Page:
I hate to say this, but many Remington semi-auto and pump shooters don't clean their rifles well (or ever). In semi-autos, it's a bigger problem because chambers get baked by relatively hot gasses every time the case is ejected.
Because the rifle can't be cleaned from the breech with a conventional rod, those who clean from the muzzle don't realize that the chamber isn't adequately cleaned or protected by whatever oil is used to clean and protect the bore.
Many years ago, when working as a part-time gunsmith, I had several Remington 740s and 742s with rusty chambers. Sometimes the case remained stuck and the extractor tore a portion of the rim off, sometimes the whole case head. Those rifles usually come with a chamber brush that has a patch loop on the other end. Many are never used.
The owner of a "new" 742 confessed that he shot a box of ammo to sight-in, then hunted in the rain and never cleaned the gun, but put it away for the winter, spring, summer. The first shot in the fall resulted in the stuck case.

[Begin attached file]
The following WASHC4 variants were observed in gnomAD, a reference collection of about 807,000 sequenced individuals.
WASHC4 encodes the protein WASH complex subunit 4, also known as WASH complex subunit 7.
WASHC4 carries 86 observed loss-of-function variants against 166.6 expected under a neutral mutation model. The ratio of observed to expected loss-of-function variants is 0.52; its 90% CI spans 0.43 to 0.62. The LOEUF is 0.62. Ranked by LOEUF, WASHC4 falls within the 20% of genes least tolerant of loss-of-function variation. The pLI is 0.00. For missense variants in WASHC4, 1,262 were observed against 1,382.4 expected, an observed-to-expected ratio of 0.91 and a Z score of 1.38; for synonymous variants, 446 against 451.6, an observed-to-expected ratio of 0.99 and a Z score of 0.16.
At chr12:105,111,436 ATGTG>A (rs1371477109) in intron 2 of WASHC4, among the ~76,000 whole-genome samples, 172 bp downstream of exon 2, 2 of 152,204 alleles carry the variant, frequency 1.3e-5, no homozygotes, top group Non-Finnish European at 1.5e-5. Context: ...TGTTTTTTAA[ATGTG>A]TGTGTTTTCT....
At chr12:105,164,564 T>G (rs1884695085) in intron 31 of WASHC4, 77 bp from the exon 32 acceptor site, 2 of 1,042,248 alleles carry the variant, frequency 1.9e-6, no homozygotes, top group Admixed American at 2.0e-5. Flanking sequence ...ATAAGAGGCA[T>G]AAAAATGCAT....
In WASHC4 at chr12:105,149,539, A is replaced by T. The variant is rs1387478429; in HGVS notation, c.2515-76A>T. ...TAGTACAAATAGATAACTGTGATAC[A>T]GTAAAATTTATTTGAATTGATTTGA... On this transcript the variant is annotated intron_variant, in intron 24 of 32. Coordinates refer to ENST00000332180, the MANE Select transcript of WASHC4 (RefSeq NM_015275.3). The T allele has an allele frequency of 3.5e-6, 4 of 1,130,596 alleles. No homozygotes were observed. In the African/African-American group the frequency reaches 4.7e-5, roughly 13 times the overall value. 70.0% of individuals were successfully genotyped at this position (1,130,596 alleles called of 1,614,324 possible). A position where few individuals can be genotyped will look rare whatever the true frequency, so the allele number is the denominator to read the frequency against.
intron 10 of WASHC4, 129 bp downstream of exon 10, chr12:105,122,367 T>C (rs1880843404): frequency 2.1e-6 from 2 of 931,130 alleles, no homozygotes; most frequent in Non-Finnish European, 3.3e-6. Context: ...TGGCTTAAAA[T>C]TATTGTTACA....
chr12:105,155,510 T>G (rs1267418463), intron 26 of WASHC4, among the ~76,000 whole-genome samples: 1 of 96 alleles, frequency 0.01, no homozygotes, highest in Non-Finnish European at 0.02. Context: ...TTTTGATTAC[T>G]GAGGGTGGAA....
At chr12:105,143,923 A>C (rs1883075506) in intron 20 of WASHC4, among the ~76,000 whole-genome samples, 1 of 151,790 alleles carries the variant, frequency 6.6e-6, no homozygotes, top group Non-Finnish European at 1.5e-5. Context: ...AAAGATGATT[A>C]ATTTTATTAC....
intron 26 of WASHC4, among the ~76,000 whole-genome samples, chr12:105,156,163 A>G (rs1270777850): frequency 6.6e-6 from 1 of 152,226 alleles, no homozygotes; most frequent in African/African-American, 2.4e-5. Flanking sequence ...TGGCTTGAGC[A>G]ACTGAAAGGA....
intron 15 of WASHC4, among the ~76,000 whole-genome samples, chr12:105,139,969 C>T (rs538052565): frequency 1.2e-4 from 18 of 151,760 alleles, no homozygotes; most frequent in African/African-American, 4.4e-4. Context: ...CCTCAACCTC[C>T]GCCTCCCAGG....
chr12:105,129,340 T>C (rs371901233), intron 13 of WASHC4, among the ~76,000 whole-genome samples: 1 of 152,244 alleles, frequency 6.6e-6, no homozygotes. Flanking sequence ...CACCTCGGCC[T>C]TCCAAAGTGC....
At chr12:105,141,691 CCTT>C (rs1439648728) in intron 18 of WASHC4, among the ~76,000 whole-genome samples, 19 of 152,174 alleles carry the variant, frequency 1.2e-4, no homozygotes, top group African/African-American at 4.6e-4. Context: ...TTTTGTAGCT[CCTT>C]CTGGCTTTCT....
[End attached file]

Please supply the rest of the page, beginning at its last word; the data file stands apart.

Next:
I tell this, because if bores aren't cleaned/protected, excessive friction increases pressures that can create excessive headspace. The stuck cases tell the tale of poor chamber maintenance and probably rusty bores. The rifles are probably fine as they come from the factory, but they're not foolproof...because fools are either so ingenious or just plain lazy.